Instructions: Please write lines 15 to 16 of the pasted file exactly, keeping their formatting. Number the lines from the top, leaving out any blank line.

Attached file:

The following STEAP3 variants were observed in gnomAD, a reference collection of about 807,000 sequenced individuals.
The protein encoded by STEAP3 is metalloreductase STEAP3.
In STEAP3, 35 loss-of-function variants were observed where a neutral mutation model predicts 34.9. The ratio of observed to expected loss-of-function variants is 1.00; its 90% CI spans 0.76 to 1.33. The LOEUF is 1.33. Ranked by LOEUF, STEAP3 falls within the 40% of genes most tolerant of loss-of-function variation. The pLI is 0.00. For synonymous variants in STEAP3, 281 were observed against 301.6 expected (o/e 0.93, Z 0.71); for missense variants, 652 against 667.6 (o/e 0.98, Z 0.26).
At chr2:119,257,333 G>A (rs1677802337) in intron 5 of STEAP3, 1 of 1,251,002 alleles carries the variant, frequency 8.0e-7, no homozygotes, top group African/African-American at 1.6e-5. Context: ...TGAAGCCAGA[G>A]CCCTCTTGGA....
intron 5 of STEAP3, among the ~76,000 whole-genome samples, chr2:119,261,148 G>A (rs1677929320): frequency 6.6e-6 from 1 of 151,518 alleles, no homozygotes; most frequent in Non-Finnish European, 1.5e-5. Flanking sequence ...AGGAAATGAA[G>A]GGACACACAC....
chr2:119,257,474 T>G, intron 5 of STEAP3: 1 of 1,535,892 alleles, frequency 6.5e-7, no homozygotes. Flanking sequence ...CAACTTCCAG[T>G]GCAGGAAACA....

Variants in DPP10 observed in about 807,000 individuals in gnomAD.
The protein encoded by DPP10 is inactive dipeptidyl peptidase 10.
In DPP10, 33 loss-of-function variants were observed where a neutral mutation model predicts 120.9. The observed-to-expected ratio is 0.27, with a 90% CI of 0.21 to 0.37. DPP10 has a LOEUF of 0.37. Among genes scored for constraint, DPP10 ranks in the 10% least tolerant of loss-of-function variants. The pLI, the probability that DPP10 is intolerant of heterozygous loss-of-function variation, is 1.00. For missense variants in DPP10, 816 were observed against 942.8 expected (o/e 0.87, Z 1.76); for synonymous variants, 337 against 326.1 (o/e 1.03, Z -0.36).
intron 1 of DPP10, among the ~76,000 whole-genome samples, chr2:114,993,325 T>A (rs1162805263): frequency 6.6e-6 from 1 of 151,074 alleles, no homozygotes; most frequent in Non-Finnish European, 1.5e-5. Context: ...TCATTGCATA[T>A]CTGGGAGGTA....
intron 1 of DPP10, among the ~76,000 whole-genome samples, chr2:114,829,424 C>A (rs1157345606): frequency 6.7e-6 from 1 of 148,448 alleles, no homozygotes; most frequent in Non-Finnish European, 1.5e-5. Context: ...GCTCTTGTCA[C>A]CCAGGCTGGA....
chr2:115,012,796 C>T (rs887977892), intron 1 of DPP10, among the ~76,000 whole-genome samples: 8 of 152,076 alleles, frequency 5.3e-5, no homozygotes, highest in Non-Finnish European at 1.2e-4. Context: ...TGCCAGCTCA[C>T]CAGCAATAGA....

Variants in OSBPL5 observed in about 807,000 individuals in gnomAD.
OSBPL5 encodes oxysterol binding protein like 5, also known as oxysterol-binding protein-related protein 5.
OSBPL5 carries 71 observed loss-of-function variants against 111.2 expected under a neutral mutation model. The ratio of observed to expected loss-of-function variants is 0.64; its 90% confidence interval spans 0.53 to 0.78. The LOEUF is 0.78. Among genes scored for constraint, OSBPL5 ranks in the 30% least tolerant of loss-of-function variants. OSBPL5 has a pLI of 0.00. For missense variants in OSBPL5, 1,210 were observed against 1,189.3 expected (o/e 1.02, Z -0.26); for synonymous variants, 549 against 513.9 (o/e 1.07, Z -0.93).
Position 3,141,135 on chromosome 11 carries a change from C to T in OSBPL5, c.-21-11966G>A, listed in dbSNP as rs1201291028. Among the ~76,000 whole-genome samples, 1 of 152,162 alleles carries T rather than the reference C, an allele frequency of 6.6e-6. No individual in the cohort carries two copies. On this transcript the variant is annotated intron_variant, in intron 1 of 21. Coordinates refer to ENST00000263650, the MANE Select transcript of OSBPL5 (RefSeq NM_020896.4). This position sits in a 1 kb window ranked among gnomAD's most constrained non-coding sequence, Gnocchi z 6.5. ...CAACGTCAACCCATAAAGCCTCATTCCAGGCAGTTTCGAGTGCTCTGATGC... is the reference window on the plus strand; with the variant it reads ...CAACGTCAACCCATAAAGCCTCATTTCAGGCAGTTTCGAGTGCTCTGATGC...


OSBPL5 carries 71 observed loss-of-function variants against 111.2 expected under a neutral mutation model. The ratio of observed to expected loss-of-function variants is 0.64; its 90% confidence interval spans 0.53 to 0.78. The LOEUF is 0.78. Among genes scored for constraint, OSBPL5 ranks in the 30% least tolerant of loss-of-function variants. OSBPL5 has a pLI of 0.00. For missense variants in OSBPL5, 1,210 were observed against 1,189.3 expected (o/e 1.02, Z -0.26); for synonymous variants, 549 against 513.9 (o/e 1.07, Z -0.93).
Position 3,141,135 on chromosome 11 carries a change from C to T in OSBPL5, c.-21-11966G>A, listed in dbSNP as rs1201291028. Among the ~76,000 whole-genome samples, 1 of 152,162 alleles carries T rather than the reference C, an allele frequency of 6.6e-6. No individual in the cohort carries two copies. On this transcript the variant is annotated intron_variant, in intron 1 of 21. Coordinates refer to ENST00000263650, the MANE Select transcript of OSBPL5 (RefSeq NM_020896.4). This position sits in a 1 kb window ranked among gnomAD's most constrained non-coding sequence, Gnocchi z 6.5. ...CAACGTCAACCCATAAAGCCTCATTCCAGGCAGTTTCGAGTGCTCTGATGC... is the reference window on the plus strand; with the variant it reads ...CAACGTCAACCCATAAAGCCTCATTTCAGGCAGTTTCGAGTGCTCTGATGC...